There's an old aphorism about saving the best till last, and Kara no Kyoukai ~The Garden of Sinners~ has done just that.
The seventh and final movie in the franchise doesn't simply follow the events of the second movie, but utilises threads from several previous stories to weave an interesting, and sometimes disturbing, tale of obsession. The second part of Satsujin Kousatsu (Murder Speculation), takes place in February 1999, one month after Oblivion Recording, and more than three years after the events in the second movie.
This time around it seems the serial killer from part one is back, and as the
bodies are found one by one, Mikiya Kokuto searches for answers as he continues to believe Ryougi Shiki was not responsible for previous set of murders, and that she is innocent of the crimes being commited now. Meanwhile, Shiki prowls the dark alleys night after night ...
One thing that really sets this movie apart from the rest of the series is that the plot is much tighter and more flowing than in most of the previous outings. There is also a conscious effort to tie up some of the loose ends left over the course of the series, and while there are still several unanswered questions, the second part of Satsujin Kousatsu does manage to offer some catharsis about Shiki and Kokuto's relationship.
That said, the writing isn't perfect. There are still some plot points that remain unresolved, and while they may not have a major impact on the narrative per se, they do leave one feeling that the overall storyline from the whole series is a little incomplete. In addition to this the dialogue suffers from an abundance of intelligence as every character can philosophise their actions in some manner. The upshot of this is that the movie can sometimes seem condescending or patronizing, and even though this questionable arrogance may be unintentional, the simple fact is that viewers may find themselves wanting to punch the screen from time to time.
While the writing may not be up to standard, the same can't be said of the visuals. Ufotable have, once again, pulled out all the stop for this finale, and it shows. The characters move with an animal grace that is rare to see, and the overall animation is stunning in its quality and choreography. The opening credit sequence is particularly noteworthy as it shows great imagination, as well as some stunning techniques that will hopefully appear in more anime. As for the movie proper, there are some fantastic lighting effects throughout which add a more ominous atmosphere to much of the story, especially when used alongside the often dark, dank backgrounds and settings. That said, there are occasions where the lighting is a little off (for example, characters are easily distinguishable in areas where there is no readily available light source), however this is a minor gripe as the majority of the movie is the most atmospheric and well animated episode in the franchise.
Sound is another area where the movie excels, although there are admittedly a few minor niggles here and there. The cast are at their best in this episode, and their experience with the characters, especially Kokuto (Suzumura Kenichi), and Shiki (Sakamoto Maaya), really does shine through. The performances of the seiyuu literally ooze quality, and while there is a penchant for philosophical monologuing at times, these are delivered with aplomb.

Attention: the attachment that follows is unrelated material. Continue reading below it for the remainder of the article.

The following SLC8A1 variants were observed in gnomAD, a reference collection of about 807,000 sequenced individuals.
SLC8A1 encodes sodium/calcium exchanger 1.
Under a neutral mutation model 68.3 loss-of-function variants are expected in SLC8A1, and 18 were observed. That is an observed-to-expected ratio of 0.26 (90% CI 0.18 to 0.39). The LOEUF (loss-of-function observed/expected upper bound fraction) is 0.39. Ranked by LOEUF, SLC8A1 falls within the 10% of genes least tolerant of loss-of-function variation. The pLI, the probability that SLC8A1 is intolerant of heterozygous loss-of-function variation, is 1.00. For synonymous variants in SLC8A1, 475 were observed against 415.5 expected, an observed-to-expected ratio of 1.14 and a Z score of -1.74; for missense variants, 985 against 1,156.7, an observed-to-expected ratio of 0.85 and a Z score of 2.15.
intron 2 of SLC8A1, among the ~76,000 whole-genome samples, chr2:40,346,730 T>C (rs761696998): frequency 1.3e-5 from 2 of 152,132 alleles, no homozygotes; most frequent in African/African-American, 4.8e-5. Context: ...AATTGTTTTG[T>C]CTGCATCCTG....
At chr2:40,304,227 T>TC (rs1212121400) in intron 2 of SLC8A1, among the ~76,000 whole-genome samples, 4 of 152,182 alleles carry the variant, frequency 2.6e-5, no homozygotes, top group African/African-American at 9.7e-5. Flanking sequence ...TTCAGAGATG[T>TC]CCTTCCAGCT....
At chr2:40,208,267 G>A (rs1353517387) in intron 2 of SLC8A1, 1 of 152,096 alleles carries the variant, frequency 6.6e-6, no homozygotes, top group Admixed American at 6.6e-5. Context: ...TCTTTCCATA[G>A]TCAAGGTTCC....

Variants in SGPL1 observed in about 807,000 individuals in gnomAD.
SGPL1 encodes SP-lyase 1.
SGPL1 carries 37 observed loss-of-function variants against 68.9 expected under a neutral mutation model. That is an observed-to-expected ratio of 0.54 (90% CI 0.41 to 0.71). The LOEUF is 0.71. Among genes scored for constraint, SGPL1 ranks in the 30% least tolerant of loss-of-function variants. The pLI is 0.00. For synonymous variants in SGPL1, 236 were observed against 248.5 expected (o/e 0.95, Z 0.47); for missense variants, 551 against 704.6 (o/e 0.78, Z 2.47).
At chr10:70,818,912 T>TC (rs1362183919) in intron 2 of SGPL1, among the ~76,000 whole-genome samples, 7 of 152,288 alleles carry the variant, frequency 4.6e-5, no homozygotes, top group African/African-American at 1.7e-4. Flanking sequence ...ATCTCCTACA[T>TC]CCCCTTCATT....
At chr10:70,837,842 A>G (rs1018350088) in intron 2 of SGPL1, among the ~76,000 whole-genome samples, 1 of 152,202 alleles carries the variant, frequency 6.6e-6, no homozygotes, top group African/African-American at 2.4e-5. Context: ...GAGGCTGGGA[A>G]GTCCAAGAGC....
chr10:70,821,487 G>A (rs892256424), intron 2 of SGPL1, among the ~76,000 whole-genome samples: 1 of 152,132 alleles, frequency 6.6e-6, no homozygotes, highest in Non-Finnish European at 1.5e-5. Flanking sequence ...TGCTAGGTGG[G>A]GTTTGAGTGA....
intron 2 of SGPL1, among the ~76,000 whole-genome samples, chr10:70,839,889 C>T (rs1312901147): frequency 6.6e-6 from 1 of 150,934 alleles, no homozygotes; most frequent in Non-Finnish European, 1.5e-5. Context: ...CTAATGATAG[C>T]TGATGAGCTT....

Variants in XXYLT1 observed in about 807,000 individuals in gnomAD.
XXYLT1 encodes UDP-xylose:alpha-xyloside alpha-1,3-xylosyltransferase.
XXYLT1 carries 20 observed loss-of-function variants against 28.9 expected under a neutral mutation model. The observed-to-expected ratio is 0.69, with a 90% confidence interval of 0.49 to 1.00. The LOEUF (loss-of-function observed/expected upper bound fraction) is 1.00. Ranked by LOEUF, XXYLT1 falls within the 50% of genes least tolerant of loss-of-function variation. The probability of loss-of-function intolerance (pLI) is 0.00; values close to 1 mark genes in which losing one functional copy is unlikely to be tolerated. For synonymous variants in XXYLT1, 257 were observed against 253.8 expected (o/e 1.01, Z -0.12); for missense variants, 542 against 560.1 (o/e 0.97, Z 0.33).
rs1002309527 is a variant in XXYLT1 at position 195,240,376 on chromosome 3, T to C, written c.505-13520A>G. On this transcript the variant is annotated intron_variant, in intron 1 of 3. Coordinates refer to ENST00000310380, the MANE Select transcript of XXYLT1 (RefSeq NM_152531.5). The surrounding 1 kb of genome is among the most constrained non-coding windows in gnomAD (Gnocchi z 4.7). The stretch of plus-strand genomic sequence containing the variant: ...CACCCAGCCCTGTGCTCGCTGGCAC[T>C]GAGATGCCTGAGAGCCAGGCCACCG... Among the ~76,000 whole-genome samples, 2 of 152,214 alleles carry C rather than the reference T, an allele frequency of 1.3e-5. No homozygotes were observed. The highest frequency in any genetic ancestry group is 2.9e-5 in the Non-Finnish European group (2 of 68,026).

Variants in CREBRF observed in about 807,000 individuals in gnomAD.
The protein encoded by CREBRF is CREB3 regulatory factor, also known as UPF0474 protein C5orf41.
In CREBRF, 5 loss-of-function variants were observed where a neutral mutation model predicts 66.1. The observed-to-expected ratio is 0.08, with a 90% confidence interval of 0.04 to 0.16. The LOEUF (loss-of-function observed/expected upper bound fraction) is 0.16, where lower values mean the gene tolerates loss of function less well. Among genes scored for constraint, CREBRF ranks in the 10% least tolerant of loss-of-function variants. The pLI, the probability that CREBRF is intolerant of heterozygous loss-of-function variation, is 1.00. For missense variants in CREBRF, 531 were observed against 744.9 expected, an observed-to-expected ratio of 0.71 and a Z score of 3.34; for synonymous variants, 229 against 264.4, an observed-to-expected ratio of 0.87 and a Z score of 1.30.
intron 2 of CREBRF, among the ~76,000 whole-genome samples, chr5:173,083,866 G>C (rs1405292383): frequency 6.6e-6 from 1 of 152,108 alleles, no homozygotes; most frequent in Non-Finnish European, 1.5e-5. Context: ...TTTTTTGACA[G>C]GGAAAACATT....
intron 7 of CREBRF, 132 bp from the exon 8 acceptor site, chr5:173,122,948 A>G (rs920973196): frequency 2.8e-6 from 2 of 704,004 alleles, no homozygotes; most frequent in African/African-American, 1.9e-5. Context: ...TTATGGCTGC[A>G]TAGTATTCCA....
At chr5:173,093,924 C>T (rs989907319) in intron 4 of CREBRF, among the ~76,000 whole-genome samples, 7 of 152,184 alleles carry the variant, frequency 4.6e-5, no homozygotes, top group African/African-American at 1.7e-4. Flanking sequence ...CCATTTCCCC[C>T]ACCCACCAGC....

In terms of effects Satsujin Kousatsu Part 2 might arguably be the best in the series. Each sound is clear and distinguishable, even when the habitual cacophony occurs during heavy action sequences, and once again the franchise proves that it can deliver very high production values.
The real triumph though, is the music.
In the simplest terms this movie a definite contender for "best anime choreography of the decade" as it features some of the most breathtaking melding of animation and music to be found in the medium, and the choice of tracks is nothing short of inspired. The opening sequence is a choral, hymn-like track which perfectly sets the tone for the rest of the movie, while the end theme, a bittersweet ballad, works very well with the movie's finale. Where Satsujin Kousatsu Part 2 really shines though, is in the application of its thematic music. The tracks on offer have a generally dark feel to them (this isn't really a "nice" story after all), but added to that are visuals that have not only been timed extremely well, but feature some excellent animation, stunning set designs, and superb camera angles.
One of the issues that has plagued the Kara no Kyoukai franchise from the outset is that the characters are often underdeveloped, and while certain events over the course of the series provide opportunities for growth, these chances are all too often overlooked. That said, there is some development to be had, it's just unfortunate that the lion's share of it only occurs in a few movies, and this is one of them. It's the introduction of Shirazumi Lio that changes the dynamics of not only the story, but also the relationship between Kokuto and Shiki. He is the one thing that forces the pair to grow as characters, and his presence in the movie casts a pall over every story in the franchise.
Confused? I'll elaborate then.
Kara no Kyoukai has made the effort to portray Souren Araya as the main "bad guy", but while his goals may be the drivers for many of the events over the course of the series, he never affected Kokuto and Shiki in the way that Lio does. It's his formation of a very disturbed "menage-a-trois" that causes Kokuto to "get off his backside" for once, and pushes Shiki to the edge of reason. Lio is also noteworthy for the surprising amount of characterisation that has gone into his creation. He is a complete persona from start to finish, and while there is virtually no development on his part, he honestly doesn't need it.